Lynne: Last summer, with family separations at the border reaching an all-time high, Ivy organized a fundraiser at a popular ice cream parlor in Chinatown to raise money for the New York State Immigration Action Fund, a non-profit that stands up for immigrant communities.


As a 501(c)4, the New York Immigration Action Fund can endorse and stand with a political candidate (unlike a 501(c)3 which cannot use money for political causes). Ultimately, Ivy believes that in order to make real change, you have to get political.


Ivy: Politics is personal. You can’t get away from it. Everything else you complained about in your life, whether it’s the garbage in your streets, how many cars run through your neighborhood, quality of air - everything is political.


Lynne: She urges those who can to vote and connect with their local elected officials.


Ivy: Vote for the one who aligns with the world that you want to live in. Once they get into office, never stop calling them. Call them about anything that you feel like you want to see in your community.


Brothers and sisters you are the American dream and you get to define it so if not now then when and be the change you wish to see in the world and go HAM.

What’s Next


Lynne: In the last few months, Ivy started a new job. She’s also newly engaged to her fiancee, who is a U.S. born citizen. She’s well-aware that these personal changes will place her in a very different position on the immigration spectrum.


Ivy: I think I’ve struggled with realigning my identity as a DREAMer now that I am engaged to a U.S. Citizen who through legal means can sponsor me to become a green card holder and that has been quite a bit of a new factor.


Lynne: Ivy’s leading a workshop for this year’s group of NYIC DREAMer fellows, the same program that changed her life back in 2013. And she’ll be in DC and Albany lobbying for DREAMer legislation throughout the year.


Ivy: I absolutely want to continue doing my work around immigrant advocacy, education, justice and all those things that are near and dear to my heart. My new concern is whether or not I can do it genuinely and represent the communities I’ve been representing in an authentic way.


If I do not experience the same fear, do I then have the same power or experience to speak authentically and advocate for the community? I think the answer is, I absolutely do because it doesn't erase my undocumented experiences.  


Lynne: In many ways, it doesn’t seem like Ivy’s fully processed that she’ll be a legal resident of the States soon, a resident with certain unalienable rights.


Ivy: I still live in fear the fear of having false hope like because the reality is sure, I am now engaged and I'm going to be on a path to legal residency. But the line is still extremely long.


My sister has said to me,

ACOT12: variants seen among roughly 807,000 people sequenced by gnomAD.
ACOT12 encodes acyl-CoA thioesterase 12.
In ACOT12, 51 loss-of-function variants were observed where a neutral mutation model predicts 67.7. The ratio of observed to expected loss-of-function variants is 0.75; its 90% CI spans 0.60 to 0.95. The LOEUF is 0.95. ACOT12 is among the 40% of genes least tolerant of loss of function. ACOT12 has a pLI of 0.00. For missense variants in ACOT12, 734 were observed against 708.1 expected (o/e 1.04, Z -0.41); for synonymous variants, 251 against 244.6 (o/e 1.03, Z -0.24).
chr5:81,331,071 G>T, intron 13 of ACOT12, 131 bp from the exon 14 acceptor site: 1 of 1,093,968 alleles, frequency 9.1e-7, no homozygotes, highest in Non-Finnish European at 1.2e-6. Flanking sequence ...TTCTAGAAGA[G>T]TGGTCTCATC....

"Maybe you've been undocumented for so long that you don't know how to be documented."

It's this muscle memory that comes with being scared at the airport and being scared to approach a police officer if something happens, or demanding what is rightfully mine and all those things that come with living in the shadows and being fearful of authority.


I don't know if I'll ever get out of this this mode.  Even with a plastic card that now legitimizes quote on quote my presence in this country.


Lynne: We often talk about privilege among racial or socioeconomic lines, but Ivy takes this definition to a whole new level. Her story is a personal reminder to check our assumptions, recognize the inherent privilege we each have, and then use it to speak up for what we believe in.


The wall will be broken down eventually.  But it's not because bang my head against it so many times; it's because for whatever reason I'm given this magical power to transcend through the wall, but I don’t know where that power came from and I never asked for it.


But now my fiancee's going to hold my hand and we can walk through that wall together now. And then I'm going to look behind and be like, I don't belong here. I'm supposed to be on that side of the wall.

How You Can Help


Surveys show that a majority of Americans favor giving DREAMers a path to some sort of legal status. Yet the AAPI community has traditionally turned a blind eye towards immigration policy. We hope Ivy’s story has revealed a more human element of the undocumented story, beyond the headlines.


Huge thanks to Ivy for sharing so openly about what it’s like to live under the constant fear of deportation. For many undocumented immigrants, this is sadly the norm.


Here are relevant links to immigration resources if you want to learn more or get involved:

You can listen to this episode on iTunes, Spotify, Stitcher, or wherever you get your podcasts.

Rock The Boat is a podcast elevating the stories of Asian leaders, founders, and pioneers in their fields. Through candid and thoughtful conversation, the host Lucia Liu uncover stories of their upbringing, Asian identity, and the movements they've built.